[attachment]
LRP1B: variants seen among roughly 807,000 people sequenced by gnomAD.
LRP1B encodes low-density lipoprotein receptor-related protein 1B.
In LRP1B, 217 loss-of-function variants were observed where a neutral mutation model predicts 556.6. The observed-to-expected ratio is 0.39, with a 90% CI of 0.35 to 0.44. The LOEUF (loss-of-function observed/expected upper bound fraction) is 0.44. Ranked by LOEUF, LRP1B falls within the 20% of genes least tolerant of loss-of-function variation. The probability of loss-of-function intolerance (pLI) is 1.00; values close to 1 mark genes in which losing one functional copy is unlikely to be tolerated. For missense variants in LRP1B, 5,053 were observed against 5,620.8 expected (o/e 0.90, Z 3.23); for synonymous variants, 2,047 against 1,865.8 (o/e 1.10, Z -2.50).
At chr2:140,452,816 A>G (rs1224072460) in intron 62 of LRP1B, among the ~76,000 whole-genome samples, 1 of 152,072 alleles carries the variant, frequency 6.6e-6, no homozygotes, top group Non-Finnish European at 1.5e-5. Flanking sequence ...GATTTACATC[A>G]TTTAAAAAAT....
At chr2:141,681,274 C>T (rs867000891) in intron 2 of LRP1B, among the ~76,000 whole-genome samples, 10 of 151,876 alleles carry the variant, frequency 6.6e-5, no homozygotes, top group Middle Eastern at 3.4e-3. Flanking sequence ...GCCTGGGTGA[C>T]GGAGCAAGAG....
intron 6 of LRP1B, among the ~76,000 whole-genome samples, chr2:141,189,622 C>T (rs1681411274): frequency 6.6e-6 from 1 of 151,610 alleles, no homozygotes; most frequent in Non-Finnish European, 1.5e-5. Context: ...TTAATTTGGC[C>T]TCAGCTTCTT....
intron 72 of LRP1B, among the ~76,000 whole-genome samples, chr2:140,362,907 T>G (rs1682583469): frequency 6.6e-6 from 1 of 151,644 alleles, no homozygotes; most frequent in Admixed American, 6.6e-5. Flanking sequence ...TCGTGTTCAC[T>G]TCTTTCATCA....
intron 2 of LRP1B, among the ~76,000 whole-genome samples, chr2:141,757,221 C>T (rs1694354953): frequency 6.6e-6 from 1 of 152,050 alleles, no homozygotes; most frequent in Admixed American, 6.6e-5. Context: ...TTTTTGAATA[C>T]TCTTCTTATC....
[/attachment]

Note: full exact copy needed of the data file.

LRP1B: variants seen among roughly 807,000 people sequenced by gnomAD.
LRP1B encodes low-density lipoprotein receptor-related protein 1B.
In LRP1B, 217 loss-of-function variants were observed where a neutral mutation model predicts 556.6. The observed-to-expected ratio is 0.39, with a 90% CI of 0.35 to 0.44. The LOEUF (loss-of-function observed/expected upper bound fraction) is 0.44. Ranked by LOEUF, LRP1B falls within the 20% of genes least tolerant of loss-of-function variation. The probability of loss-of-function intolerance (pLI) is 1.00; values close to 1 mark genes in which losing one functional copy is unlikely to be tolerated. For missense variants in LRP1B, 5,053 were observed against 5,620.8 expected (o/e 0.90, Z 3.23); for synonymous variants, 2,047 against 1,865.8 (o/e 1.10, Z -2.50).
At chr2:140,452,816 A>G (rs1224072460) in intron 62 of LRP1B, among the ~76,000 whole-genome samples, 1 of 152,072 alleles carries the variant, frequency 6.6e-6, no homozygotes, top group Non-Finnish European at 1.5e-5. Flanking sequence ...GATTTACATC[A>G]TTTAAAAAAT....
At chr2:141,681,274 C>T (rs867000891) in intron 2 of LRP1B, among the ~76,000 whole-genome samples, 10 of 151,876 alleles carry the variant, frequency 6.6e-5, no homozygotes, top group Middle Eastern at 3.4e-3. Flanking sequence ...GCCTGGGTGA[C>T]GGAGCAAGAG....
intron 6 of LRP1B, among the ~76,000 whole-genome samples, chr2:141,189,622 C>T (rs1681411274): frequency 6.6e-6 from 1 of 151,610 alleles, no homozygotes; most frequent in Non-Finnish European, 1.5e-5. Context: ...TTAATTTGGC[C>T]TCAGCTTCTT....
intron 72 of LRP1B, among the ~76,000 whole-genome samples, chr2:140,362,907 T>G (rs1682583469): frequency 6.6e-6 from 1 of 151,644 alleles, no homozygotes; most frequent in Admixed American, 6.6e-5. Flanking sequence ...TCGTGTTCAC[T>G]TCTTTCATCA....
intron 2 of LRP1B, among the ~76,000 whole-genome samples, chr2:141,757,221 C>T (rs1694354953): frequency 6.6e-6 from 1 of 152,050 alleles, no homozygotes; most frequent in Admixed American, 6.6e-5. Context: ...TTTTTGAATA[C>T]TCTTCTTATC....